By Ifetayo M. Flannery (Temple University)
September 13, 2013
Just as the summer began to unfold in May of 2013, the first Ghana Studies Association Conference was convening. I was unaware that this conference would become the highlight of the season. From great lengths, students and scholars gathered in Kumasi. By way of age, geography, expertise, and nationality, each panel developed into a global discourse on Ghanaian affairs.
I was fortunate to be the moderator for the panel themed Diaspora. The papers presented covered a stretch of perspectives on diasporic communities and expansion in the 21st century. Questions of identity, cultural retention, community recreation, nationality, and political posterity were explored among others. Nonetheless, the key component of this panel and conference more generally, was the centrality of Ghana across all research interest; which ultimately was successful in yielding rich dialogue among participants. The conference experience for me became particularly cultivating because of its national specificity. While Africa is commonly researched regionally or as a singular compository, the GSA conference was able to garner participants along with observers and local visitors to build across their common interest- Ghana.
While the conference only extended for a period of four days, being in Kumasi with Ghanaian scholars from near and far created a sense of familiarity among participants. The organization of the conference schedule especially contributed to the nurturing of these relationships. For example, the down time for participants was constructed to foster continued dialogue and socialization amid the group. Often following panel sessions were scheduled meals at a single location that became hot spots for overflow conversations from presentations. In fact, some of my most memorable conversations happened over warm Ghanaian dishes as the evening was settling. The scheduled outings and meals served conference participants in similar capacities as the panels themselves.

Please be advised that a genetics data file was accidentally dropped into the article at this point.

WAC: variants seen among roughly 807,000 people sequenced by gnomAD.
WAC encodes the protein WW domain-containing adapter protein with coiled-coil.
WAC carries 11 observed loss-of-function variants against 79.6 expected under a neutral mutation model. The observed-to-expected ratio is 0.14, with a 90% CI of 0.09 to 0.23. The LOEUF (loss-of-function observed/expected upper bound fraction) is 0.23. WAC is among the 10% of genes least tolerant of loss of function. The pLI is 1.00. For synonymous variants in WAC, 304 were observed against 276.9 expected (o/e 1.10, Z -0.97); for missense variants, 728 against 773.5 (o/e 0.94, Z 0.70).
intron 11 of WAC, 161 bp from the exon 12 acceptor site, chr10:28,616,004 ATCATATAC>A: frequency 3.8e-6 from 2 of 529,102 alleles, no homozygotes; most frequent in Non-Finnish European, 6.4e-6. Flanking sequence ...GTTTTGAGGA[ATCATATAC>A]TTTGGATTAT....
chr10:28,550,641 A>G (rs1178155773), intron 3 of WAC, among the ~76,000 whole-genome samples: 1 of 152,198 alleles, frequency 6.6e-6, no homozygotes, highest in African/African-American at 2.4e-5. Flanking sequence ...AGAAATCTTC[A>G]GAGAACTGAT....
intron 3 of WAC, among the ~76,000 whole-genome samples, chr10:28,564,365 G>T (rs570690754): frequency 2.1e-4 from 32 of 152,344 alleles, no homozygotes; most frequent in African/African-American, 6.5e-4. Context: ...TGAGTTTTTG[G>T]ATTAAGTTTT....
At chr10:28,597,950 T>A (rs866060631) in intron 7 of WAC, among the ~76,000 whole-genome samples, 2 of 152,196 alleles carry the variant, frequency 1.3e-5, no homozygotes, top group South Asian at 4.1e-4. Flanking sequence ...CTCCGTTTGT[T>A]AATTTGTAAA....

I would love to participate in this conference again. In moving forward I would suggest that the conference be held bi-annually. Every two years seems reasonable for effective planning while it is not so long a period that participants lose interest or fail to return. Secondly, as conference participation continues to grow we will need more assistants to serve as point persons for information- particularly since communication is more difficult because most participants are flying internationally. Lastly, having an official photographer would be a great and necessary addition. I am excited about what is to come.